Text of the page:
The former promoters of Ranbaxy now face jail time unless they cough up ₹35 billion


  • India’s Supreme Court has ordered the former promoters of pharma major Ranbaxy, Malvinder Mohan Singh and his brother Shivinder Mohan Singh, to pay their outstanding dues to Japan’s Daiichi Sankyo or risk facing jail time.
  • The apex court has been hearing a petition filed by Daiichi Sankyo alleging the non-payment of ₹35 billion. The amount had been awarded to the Japanese firm in a previous arbitration in mid-2016 by the Singapore High Court.
  • The brothers sold their stake in Ranbaxy to Daiichi Sankyo in 2008. However, following the sale, a number of quality control issues and irregularities at Ranbaxy’s plants came to light.
India’s Supreme Court has ordered the former promoters of pharma major Ranbaxy, Malvinder Mohan Singh and his brother Shivinder Mohan Singh, to pay their outstanding dues to Japan’s Daiichi Sankyo or risk facing jail time.

The apex court has been hearing a petition filed by Daiichi Sankyo alleging the non-payment of ₹35 billion. The amount had been awarded to the Japanese firm in a previous arbitration in mid-2016 by the Singapore High Court.

The brothers sold their stake in Ranbaxy to Daiichi Sankyo in 2008. However, following the sale, a number of quality control issues and irregularities at Ranbaxy’s plants came to light, after which Daiichi Sankyo took the brothers to court.

In March 2019, the brothers had been ordered by the Supreme court to come up with a plan to pay the ₹35 billion amount but until now have failed to do so.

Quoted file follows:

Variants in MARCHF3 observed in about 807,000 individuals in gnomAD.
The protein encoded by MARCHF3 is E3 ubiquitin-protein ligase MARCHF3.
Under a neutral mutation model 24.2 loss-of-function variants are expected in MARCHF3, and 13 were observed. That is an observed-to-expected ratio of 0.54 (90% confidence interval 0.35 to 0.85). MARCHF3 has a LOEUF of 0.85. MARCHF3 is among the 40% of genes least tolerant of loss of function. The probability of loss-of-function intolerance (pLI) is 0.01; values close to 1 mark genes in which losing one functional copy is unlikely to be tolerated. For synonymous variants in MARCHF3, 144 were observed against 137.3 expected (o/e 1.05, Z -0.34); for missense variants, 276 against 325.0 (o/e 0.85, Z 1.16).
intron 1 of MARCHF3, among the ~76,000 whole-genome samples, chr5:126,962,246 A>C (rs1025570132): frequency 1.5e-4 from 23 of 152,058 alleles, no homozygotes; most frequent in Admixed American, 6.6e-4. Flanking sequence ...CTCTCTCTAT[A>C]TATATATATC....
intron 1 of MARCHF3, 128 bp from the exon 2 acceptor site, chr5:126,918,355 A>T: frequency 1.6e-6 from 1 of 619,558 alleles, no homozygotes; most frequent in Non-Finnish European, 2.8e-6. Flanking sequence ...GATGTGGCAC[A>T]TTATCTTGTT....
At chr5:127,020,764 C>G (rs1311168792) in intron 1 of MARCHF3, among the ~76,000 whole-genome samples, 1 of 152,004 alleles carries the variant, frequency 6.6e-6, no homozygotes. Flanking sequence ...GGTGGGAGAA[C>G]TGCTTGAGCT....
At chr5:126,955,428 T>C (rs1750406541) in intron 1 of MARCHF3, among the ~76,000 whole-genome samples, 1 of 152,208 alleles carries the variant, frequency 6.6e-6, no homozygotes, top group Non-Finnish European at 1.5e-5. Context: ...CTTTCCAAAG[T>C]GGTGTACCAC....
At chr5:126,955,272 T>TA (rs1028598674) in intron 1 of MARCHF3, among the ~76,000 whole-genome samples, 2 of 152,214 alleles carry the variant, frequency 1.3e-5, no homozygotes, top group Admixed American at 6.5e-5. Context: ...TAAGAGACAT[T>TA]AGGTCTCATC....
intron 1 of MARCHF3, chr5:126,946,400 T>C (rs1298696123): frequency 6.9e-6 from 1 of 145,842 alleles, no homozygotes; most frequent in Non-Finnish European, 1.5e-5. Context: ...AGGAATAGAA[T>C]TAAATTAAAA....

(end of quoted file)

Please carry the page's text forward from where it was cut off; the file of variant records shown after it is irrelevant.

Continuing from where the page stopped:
The two brothers have been mired in a conflict with each other in the last few years.

This came to a head in September 2018, when Shivinder Singh filed a case against his older brother Malvinder another associate Sunil Godhwani in the National Company Law Tribunal for their role in the “oppression and mismanagement” of Fortis Healthcare, Religare and related firms. He eventually withdrew the case after pressure from his mother.

The brothers are also being investigated by a number of Indian regulators, including the SEBI and SFIO,for the loss of ₹23 billion from their listed companies, which has resulted in their public shareholdings being frozen.

Fortis, which has been posting losses since 2015, has been at the centre of a money-laundering scandal related to the approval of unsecured loans to the brothers.


SEE ALSO:

The feuding ex-billionaire brothers: Shivinder Singh sues Malvinder over alleged mismanagement of Fortis empire
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